Iraq on Monday executed al-Qaeda's former Baghdad chief and three other men convicted of terror-related offences, despite calls for a moratorium its use of the death penalty.
The executions brought to 22 the number of times Iraq has carried out the death penalty so far this year, compared with 129 in 2012, which was among the highest such figures in the world.
“These terrorists were executed by hanging,” the justice ministry said in a statement. “They committed criminal attacks against the Iraqi people, notably in Baghdad and in [the western province of] Anbar.”
Among the group executed was Munaf Abdul Rahim al-Rawi, once described as the “governor of Baghdad” for al-Qaeda's front group in Iraq, who was arrested in March 2010.
He has been blamed for plotting two massive attacks in the Iraqi capital in August and October of 2009 that left 250 dead in total.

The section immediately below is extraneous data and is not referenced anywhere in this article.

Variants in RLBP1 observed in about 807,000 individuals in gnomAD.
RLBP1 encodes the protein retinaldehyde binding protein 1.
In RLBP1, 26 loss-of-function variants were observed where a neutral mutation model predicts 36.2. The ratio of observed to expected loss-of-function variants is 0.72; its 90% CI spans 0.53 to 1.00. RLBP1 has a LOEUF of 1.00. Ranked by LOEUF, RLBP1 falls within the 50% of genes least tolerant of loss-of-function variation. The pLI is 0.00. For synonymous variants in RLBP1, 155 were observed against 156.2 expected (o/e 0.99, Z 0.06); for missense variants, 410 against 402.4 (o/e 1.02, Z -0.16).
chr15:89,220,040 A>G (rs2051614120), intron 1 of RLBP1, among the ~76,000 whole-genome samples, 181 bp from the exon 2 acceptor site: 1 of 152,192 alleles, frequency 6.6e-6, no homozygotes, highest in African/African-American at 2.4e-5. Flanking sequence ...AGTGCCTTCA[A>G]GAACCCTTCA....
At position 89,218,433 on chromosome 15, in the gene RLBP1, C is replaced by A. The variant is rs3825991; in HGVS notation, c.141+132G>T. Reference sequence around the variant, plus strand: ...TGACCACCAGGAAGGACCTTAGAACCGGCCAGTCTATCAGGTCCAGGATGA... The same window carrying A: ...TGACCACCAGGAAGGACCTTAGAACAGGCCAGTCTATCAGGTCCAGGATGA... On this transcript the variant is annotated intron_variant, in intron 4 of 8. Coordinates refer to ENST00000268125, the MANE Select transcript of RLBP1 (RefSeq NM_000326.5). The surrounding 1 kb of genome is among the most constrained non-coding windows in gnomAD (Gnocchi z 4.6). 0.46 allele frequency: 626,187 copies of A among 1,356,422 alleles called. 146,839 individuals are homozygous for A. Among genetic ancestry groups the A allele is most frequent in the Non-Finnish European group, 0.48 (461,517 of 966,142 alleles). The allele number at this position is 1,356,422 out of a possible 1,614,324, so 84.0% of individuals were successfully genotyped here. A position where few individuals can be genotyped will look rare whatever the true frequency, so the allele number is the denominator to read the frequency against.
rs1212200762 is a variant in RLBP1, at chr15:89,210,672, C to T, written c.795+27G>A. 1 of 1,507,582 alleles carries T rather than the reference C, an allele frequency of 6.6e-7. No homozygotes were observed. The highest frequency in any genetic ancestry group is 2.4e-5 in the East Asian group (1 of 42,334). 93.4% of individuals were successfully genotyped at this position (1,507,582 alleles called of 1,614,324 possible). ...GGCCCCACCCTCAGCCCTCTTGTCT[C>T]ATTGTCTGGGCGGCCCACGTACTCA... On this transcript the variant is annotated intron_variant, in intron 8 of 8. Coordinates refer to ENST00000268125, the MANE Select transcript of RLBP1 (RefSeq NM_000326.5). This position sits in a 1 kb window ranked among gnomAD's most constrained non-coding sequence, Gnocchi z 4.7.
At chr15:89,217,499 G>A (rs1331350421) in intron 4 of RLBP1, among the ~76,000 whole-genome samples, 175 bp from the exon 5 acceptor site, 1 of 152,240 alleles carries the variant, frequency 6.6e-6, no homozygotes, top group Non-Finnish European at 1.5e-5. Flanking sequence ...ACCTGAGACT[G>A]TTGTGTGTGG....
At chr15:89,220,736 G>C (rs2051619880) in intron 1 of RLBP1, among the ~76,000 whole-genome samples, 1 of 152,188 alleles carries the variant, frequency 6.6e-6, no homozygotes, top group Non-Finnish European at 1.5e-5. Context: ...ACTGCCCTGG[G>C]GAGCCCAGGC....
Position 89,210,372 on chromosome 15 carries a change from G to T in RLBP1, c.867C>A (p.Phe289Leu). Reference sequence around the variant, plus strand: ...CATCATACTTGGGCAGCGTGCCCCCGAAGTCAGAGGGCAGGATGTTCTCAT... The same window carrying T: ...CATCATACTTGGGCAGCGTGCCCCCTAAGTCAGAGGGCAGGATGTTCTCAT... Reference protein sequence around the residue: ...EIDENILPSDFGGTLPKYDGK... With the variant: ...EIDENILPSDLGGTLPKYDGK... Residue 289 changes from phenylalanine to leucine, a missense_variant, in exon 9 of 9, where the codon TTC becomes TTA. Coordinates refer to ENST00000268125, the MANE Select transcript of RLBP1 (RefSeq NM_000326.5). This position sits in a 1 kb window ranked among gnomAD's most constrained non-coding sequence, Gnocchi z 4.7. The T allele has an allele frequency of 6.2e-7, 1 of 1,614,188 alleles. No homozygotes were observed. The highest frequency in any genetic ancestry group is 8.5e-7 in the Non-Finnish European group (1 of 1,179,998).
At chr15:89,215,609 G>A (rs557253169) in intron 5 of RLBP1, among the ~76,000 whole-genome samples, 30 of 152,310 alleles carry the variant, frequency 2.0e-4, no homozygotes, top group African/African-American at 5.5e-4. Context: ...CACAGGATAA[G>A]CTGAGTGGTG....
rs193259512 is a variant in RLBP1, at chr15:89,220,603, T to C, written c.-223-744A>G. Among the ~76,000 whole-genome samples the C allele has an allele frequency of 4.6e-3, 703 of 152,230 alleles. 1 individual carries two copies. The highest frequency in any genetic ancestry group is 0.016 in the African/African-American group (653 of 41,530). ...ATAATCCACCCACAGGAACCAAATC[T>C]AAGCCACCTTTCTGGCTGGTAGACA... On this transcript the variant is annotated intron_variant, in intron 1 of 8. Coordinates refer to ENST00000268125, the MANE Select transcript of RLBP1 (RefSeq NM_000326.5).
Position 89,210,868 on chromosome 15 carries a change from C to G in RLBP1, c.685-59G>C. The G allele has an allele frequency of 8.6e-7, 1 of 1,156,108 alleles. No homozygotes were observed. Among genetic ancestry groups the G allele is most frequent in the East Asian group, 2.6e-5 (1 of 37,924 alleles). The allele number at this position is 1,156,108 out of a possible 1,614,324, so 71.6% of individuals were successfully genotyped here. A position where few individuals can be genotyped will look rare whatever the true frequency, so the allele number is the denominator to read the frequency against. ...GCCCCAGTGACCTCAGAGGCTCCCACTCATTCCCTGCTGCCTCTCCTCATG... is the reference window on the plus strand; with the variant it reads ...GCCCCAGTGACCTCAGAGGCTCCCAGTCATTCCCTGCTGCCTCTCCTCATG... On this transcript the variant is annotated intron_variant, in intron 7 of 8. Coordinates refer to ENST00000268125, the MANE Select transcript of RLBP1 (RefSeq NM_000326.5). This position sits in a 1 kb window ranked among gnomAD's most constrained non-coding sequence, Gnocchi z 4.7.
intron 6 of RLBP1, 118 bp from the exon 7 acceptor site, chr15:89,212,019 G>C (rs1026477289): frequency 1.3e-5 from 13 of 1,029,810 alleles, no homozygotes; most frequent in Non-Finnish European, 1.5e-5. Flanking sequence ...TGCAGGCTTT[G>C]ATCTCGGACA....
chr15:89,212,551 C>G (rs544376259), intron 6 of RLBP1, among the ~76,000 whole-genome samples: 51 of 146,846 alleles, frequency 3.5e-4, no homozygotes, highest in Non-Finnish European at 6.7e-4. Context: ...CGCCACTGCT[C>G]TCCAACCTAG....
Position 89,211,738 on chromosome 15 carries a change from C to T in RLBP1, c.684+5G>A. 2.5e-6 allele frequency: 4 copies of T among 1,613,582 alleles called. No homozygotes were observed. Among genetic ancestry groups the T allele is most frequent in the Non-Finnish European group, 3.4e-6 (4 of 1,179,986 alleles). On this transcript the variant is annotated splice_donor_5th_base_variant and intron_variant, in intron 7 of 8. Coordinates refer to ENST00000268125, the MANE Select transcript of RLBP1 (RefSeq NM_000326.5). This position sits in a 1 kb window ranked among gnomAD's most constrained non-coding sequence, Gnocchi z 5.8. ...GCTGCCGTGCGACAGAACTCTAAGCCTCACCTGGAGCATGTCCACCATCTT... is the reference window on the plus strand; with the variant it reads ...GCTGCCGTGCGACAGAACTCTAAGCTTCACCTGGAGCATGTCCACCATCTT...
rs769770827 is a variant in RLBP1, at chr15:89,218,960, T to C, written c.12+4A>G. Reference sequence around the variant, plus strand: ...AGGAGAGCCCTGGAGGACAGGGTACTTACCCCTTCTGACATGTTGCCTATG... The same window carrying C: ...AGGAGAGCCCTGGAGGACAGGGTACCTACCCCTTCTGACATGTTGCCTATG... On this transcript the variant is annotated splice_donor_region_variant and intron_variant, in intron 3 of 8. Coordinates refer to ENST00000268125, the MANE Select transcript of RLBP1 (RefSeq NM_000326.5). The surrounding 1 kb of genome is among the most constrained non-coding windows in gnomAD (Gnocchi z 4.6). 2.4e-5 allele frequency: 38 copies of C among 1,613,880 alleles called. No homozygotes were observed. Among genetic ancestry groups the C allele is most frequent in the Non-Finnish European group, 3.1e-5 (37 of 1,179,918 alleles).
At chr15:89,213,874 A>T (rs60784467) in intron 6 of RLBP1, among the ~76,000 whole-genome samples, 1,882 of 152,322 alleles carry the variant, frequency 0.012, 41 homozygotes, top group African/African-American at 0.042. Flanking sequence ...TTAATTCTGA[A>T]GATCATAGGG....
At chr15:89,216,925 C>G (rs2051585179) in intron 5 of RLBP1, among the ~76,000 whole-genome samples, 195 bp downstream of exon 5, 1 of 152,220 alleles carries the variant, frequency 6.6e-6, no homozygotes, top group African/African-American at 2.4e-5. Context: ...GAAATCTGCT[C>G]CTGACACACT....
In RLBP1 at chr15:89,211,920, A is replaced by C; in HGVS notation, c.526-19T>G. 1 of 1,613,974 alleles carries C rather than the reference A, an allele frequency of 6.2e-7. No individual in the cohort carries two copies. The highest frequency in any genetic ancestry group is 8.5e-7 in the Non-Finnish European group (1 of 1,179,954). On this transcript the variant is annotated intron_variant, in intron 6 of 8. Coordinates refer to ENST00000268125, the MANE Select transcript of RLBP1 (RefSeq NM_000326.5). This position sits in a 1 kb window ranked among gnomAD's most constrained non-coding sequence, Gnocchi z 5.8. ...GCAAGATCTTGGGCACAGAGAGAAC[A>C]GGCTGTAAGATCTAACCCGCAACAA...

Security forces have said Rawi's arrest yielded crucial intelligence that helped lead to the killings in April 2010 of Abu Omar al-Baghdadi, the political leader of al-Qaeda in Iraq, and Abu Ayub al-Masri, the insurgent group's self-styled “minister of war.”
Iraq has executed at least 22 people so far this year, according to an AFP tally. It executed 18 people convicted of terror-related offences on March 14 and 17.
Al-Qaeda's Iraqi affiliate said nationwide attacks on March 19 that killed 56 people were “revenge for those whom you [the government] executed.”
Justice Minister Hassan al-Shammari insisted last week that Baghdad would continue to implement the death penalty in the face of widespread calls for it to issue a moratorium.
Iraq's executions have sparked concern from the United Nations, as well as Britain, the European Union and rights groups Amnesty International and Human Rights Watch.